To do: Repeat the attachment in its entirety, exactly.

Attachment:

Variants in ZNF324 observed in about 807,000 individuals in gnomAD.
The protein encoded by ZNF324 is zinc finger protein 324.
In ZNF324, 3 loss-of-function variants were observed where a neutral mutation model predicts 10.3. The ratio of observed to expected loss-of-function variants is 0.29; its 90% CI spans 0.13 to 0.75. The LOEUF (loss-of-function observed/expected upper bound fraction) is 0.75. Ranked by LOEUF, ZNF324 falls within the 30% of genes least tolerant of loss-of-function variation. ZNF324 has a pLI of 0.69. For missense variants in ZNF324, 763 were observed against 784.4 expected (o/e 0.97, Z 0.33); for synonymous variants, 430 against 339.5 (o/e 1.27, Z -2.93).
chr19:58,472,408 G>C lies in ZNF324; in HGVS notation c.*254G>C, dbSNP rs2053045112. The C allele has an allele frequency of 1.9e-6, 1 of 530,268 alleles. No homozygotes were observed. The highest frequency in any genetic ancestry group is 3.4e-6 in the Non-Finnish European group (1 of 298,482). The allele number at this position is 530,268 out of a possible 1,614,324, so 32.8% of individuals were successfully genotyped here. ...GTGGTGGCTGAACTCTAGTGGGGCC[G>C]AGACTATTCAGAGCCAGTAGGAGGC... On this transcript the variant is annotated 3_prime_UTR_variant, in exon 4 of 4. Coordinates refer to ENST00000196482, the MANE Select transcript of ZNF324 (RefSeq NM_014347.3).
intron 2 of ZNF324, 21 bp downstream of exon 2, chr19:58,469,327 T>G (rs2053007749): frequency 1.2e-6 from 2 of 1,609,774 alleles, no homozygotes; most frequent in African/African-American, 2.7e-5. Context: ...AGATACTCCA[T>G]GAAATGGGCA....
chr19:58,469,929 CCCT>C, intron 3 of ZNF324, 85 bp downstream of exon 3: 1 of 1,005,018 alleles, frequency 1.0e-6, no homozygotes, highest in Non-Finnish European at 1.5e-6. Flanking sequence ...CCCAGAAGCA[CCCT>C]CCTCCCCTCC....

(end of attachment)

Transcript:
Variants in ZNF324 observed in about 807,000 individuals in gnomAD.
The protein encoded by ZNF324 is zinc finger protein 324.
In ZNF324, 3 loss-of-function variants were observed where a neutral mutation model predicts 10.3. The ratio of observed to expected loss-of-function variants is 0.29; its 90% CI spans 0.13 to 0.75. The LOEUF (loss-of-function observed/expected upper bound fraction) is 0.75. Ranked by LOEUF, ZNF324 falls within the 30% of genes least tolerant of loss-of-function variation. ZNF324 has a pLI of 0.69. For missense variants in ZNF324, 763 were observed against 784.4 expected (o/e 0.97, Z 0.33); for synonymous variants, 430 against 339.5 (o/e 1.27, Z -2.93).
chr19:58,472,408 G>C lies in ZNF324; in HGVS notation c.*254G>C, dbSNP rs2053045112. The C allele has an allele frequency of 1.9e-6, 1 of 530,268 alleles. No homozygotes were observed. The highest frequency in any genetic ancestry group is 3.4e-6 in the Non-Finnish European group (1 of 298,482). The allele number at this position is 530,268 out of a possible 1,614,324, so 32.8% of individuals were successfully genotyped here. ...GTGGTGGCTGAACTCTAGTGGGGCC[G>C]AGACTATTCAGAGCCAGTAGGAGGC... On this transcript the variant is annotated 3_prime_UTR_variant, in exon 4 of 4. Coordinates refer to ENST00000196482, the MANE Select transcript of ZNF324 (RefSeq NM_014347.3).
intron 2 of ZNF324, 21 bp downstream of exon 2, chr19:58,469,327 T>G (rs2053007749): frequency 1.2e-6 from 2 of 1,609,774 alleles, no homozygotes; most frequent in African/African-American, 2.7e-5. Context: ...AGATACTCCA[T>G]GAAATGGGCA....
chr19:58,469,929 CCCT>C, intron 3 of ZNF324, 85 bp downstream of exon 3: 1 of 1,005,018 alleles, frequency 1.0e-6, no homozygotes, highest in Non-Finnish European at 1.5e-6. Flanking sequence ...CCCAGAAGCA[CCCT>C]CCTCCCCTCC....